• CPU Current Capability: Increase this to allow the CPU to draw more power.
  • CPU VRM Switching Frequency: Leave this on Auto unless your motherboard’s VRMs are water cooled. If they are water cooled, you can possibly configure this to achieve a greater overclock.
  • VRM Spread Spectrum: Disable it, which improves power delivery.
  • Active Frequency Mode: Same as above, disable.
  • CPU Power Duty/Phase Control: More power related settings. Set to Extreme to ensure the CPU gets all the power it needs and so that all VRM phases are used to their fullest.
  • CPU VRM Thermal Control: This allows throttling based on VRM temperatures. If VRM switching frequency is on Auto then you don’t need this if your motherboard has adequate VRM cooling and your case has adequate airflow. Otherwise this setting can come in handy for safety reasons.

Most of the above settings have DRAM versions as well. The same logic and settings apply.

Stress Testing

Stress testing or stability testing is necessary in order to validate whether or not the CPU and RAM are stable. If either of these are unstable, the system will crash and unstable RAM can lead to data loss.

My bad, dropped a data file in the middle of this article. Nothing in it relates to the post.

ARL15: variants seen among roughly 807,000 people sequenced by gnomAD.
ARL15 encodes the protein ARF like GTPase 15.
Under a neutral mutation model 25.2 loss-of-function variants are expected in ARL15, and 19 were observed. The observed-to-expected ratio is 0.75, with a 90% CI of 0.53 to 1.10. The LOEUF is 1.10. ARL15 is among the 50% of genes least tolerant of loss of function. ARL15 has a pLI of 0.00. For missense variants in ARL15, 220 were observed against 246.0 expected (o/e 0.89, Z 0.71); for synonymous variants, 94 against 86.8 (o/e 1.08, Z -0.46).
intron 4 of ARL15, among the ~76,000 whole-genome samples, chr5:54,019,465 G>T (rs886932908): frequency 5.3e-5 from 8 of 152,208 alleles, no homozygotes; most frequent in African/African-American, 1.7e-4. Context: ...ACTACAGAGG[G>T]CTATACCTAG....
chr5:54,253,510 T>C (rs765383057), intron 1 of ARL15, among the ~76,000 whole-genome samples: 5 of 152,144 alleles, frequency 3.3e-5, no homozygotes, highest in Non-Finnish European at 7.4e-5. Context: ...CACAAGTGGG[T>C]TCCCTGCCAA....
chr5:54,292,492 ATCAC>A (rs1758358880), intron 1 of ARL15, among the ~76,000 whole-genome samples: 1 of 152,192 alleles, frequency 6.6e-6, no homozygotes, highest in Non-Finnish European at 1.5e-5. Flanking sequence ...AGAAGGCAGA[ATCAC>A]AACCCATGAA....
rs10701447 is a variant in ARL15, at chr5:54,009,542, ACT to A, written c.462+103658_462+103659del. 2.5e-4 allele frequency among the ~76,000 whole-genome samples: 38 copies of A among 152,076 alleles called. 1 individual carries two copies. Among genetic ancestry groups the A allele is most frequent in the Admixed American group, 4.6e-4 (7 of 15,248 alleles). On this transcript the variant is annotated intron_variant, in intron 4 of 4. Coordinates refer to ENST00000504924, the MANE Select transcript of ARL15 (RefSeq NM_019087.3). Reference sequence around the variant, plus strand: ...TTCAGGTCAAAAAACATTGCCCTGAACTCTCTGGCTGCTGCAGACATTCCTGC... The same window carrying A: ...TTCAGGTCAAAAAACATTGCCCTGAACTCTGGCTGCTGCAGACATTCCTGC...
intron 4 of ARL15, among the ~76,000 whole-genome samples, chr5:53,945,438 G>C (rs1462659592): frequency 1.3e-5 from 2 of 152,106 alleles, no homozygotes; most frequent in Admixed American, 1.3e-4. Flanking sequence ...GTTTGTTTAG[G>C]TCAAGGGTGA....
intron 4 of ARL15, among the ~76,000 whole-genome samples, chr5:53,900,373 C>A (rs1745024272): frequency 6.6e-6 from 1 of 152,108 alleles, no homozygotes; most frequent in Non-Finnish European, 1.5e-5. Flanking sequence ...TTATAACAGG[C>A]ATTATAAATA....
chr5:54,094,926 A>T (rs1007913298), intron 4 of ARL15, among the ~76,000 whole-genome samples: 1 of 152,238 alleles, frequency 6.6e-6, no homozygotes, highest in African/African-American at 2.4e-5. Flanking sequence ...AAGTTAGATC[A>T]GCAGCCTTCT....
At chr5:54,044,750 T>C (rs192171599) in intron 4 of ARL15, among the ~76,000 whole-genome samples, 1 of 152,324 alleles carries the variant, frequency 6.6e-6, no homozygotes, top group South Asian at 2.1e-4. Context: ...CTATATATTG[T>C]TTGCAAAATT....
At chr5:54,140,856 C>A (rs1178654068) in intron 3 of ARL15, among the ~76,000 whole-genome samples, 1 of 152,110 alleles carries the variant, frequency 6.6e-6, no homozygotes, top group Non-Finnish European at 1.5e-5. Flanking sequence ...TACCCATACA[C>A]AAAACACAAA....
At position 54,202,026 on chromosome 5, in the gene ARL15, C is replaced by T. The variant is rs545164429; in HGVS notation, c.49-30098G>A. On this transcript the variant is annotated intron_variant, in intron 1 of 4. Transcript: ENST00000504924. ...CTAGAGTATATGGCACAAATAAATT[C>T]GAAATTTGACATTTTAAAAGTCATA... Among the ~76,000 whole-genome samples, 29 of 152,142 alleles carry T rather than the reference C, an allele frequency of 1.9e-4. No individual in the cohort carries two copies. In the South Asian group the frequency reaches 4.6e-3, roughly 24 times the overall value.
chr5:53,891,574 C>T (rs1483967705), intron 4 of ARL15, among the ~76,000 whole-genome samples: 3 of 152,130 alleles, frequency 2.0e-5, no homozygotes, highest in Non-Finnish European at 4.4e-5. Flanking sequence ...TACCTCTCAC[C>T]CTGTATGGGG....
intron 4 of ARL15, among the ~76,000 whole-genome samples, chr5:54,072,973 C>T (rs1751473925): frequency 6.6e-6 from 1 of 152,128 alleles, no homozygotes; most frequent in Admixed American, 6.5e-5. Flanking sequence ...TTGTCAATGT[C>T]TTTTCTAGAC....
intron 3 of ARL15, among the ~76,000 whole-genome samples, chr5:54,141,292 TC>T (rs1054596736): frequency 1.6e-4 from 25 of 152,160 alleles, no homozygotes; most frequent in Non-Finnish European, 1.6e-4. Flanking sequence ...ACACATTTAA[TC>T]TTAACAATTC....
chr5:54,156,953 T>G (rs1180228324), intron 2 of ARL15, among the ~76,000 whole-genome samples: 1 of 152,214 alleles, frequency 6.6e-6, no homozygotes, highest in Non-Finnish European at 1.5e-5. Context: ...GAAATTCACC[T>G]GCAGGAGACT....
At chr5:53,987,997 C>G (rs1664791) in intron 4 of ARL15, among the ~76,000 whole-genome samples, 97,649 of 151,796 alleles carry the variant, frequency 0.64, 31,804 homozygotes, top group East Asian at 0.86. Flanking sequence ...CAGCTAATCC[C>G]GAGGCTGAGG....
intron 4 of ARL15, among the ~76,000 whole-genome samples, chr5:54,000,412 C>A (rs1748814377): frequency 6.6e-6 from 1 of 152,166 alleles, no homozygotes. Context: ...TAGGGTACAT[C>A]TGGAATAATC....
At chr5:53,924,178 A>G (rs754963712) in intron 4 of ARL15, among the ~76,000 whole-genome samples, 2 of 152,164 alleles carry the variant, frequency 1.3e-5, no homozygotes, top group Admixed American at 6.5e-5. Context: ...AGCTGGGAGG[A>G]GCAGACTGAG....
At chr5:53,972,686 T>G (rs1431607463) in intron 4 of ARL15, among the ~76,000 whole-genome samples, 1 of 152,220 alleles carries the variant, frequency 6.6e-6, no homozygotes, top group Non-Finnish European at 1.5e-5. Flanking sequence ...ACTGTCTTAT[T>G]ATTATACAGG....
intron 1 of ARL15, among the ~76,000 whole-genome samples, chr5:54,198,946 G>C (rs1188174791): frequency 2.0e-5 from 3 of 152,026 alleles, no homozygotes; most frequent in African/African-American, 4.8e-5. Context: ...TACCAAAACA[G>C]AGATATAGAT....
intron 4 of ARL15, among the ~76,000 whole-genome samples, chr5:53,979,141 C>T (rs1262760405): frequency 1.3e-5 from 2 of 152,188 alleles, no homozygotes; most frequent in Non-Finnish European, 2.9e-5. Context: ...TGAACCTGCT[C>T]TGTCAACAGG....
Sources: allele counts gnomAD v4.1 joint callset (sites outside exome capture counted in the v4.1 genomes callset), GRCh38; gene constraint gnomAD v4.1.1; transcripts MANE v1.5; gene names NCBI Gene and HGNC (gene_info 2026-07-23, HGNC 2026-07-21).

HWiNFO64, for examining CPU, motherboard, RAM, and all other hardware settings within Windows.

Required software:

  • HWiNFO64 – For monitoring CPU speeds and… everything else. Except it doesn’t actually tell you vCore; note that CPU SVID is not vCore, it is what the external voltage regulator thinks the CPU needs, not what the CPU is actually using.
  • CPUID CPU-Z – Monitors vCore, also provides general information like HWiNFO64 but less of it. But vCore monitoring on Coffee Lake is often inaccurate in any software. To accurately measure vCore when booted into an operating system, you must utilize a voltmeter/multimeter connected to voltage read points on your motherboard.
  • Prime95 – The best CPU stress testing application there is.
  • Software to read CPU temperatures, such as CPUID HWMonitor, Real Temp, or MSI Afterburner. You don’t want your CPU consistently operating above 80 degrees Celsius.